I should have a phobia about bees. I mean, I did. Bees, wasps, hornets, anything that looked like one of these. If I saw one close, I was gone in the other direction. Bye-bye.

And here’s why…
When I was a kid (that phrase gets said a lot around this blog), I was in the backyard while my dad mowed it. A few weeks before, he had hollowed out a dried gourd. Then he had placed it in a tall, skinny tree in the backyard for birds to nest in.
As my dad mowed, I thought about that gourd and wondered what birds might be nesting in there. So, using all my strength, I shook the tree. I did it twice, as hard as I could.
I looked up. No birds.
But a sound arose in the air. I heard it over the lawnmower my dad was pushing. It was a low hum.
And it was getting louder.
Suddenly there was a intense pain in my shoulder. Then another. Then another.
Bees. Hundreds of big black and yellow bumble bees were all over me. I was swatting at them in the air.
I felt my dad grab me and haul me to the door of the garage. All this time I’m getting stung. As he got us in and shut the door, bumble bees were hitting against the glass of the screen door. A few had come in with us but they must have already nailed me with their stingers. They flew around aimless later to be found on the floor, dead.
I was a crying siren of a kid. I went in and my mom pulled out all the the stingers. She put them all on the table where she sat and we counted them. I had been stung over forty times in my shoulders, neck, and back. My dad didn’t get stung one time. They knew who they were hunting.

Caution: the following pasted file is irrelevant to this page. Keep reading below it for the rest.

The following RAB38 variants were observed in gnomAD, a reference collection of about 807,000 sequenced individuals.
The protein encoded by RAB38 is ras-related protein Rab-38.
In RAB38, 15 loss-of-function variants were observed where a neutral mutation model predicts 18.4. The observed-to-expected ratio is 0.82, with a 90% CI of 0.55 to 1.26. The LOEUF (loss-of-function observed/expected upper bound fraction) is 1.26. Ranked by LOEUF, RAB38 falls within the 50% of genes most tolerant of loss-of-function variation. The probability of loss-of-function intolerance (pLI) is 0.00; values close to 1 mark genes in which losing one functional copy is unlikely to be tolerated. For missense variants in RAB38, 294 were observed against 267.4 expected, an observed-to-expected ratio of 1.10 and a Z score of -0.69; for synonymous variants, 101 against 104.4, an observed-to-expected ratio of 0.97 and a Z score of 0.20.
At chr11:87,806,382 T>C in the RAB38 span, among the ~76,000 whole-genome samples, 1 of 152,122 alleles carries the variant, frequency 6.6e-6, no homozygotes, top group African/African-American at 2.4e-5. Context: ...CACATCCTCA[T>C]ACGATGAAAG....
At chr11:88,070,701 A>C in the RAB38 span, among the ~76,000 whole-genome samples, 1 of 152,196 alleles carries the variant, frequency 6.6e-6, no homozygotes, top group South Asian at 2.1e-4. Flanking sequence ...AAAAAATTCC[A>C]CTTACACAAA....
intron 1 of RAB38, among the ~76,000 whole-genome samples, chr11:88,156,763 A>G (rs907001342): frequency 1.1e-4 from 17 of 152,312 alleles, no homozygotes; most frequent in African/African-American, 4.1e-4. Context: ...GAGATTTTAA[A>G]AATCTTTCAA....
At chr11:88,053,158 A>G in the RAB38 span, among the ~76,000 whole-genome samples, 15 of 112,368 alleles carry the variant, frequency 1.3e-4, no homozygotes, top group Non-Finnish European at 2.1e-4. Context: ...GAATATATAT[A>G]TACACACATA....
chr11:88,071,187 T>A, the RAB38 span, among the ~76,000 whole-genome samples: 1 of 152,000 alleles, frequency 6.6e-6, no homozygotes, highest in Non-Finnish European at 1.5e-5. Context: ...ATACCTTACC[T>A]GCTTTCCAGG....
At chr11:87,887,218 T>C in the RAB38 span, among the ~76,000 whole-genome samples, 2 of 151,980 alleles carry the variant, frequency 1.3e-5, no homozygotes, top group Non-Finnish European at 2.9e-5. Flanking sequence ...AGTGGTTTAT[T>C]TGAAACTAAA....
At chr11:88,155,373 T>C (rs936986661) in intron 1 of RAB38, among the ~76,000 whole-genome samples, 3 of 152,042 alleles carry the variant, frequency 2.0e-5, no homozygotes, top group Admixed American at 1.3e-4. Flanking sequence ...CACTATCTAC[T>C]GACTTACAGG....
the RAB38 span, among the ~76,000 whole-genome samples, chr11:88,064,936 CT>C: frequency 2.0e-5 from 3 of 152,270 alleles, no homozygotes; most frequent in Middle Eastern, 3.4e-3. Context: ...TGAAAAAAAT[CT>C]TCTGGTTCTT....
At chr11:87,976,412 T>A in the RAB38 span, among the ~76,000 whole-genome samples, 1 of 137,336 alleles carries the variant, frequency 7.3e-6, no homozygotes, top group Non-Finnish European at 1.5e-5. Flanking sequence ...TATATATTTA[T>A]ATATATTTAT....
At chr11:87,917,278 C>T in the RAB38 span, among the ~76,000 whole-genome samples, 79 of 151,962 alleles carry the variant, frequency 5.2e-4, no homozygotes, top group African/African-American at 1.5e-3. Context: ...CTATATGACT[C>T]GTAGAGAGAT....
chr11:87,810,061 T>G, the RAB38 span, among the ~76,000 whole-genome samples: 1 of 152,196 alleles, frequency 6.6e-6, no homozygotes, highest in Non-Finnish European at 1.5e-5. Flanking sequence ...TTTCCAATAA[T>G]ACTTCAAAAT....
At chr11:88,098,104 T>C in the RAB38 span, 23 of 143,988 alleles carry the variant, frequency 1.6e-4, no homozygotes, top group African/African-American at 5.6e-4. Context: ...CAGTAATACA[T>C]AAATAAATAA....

I think back on that often and think about how close to death I could have been. If I had been allergic, that would have been my last day on Earth. Gone. Out of here.
Later on, my dad closed the hole of the gourd with a cloth soaked in ether, cut it down from the tree, took it to the driveway, dossed it in gasoline and let me throw the match.
It may seem cruel now but it was good old fashion revenge at that moment.

I developed a phobia of bees. And wasps. And hornets. The whole lot. I’d scream if I saw one flying past me.
It took me a long time to get over it. It started with accepting honeybees and getting as close as I dared to them. They never stung me. I made peace with them first.

To me, that is a legitimate phobia.

Why do we develop phobias over nothing? Why do we allow our minds to work over-time to help hatch these fears?

There are people who fear snakes but have never seen one in the wild or even touched one. There are people who fear deep water but never have been in deep water or have never come close to drowning.
People who are afraid of the dark but closes their eyes at night to go to sleep. It goes on and on.

Is it we want something to be afraid of? Do we want something to fear to keep us cautious?

I’m sure there are books upon books that describe irrational fears and why those fears become phobias when they aren’t really warranted.
You better read one if you want to know. I have no idea.

You can overcome them. It takes a rational way of thinking about whatever you’re scared of.

I hope one day, I’ll be able to overcome my fear of death. I mean, it’s going to happen to us all, sooner or later.
Maybe one day I’ll find peace with the thought of it.

Millipedes and centipedes? Nope. Not on your life. If I see one, I’m running far away. And you better not be in my way.

-Loyd Elmore
July 7th 2017


I’ve decided to keep a blog about how I’m dealing with depression. I’m going to consider this a form of therapy. It might not help anybody else but it might help me.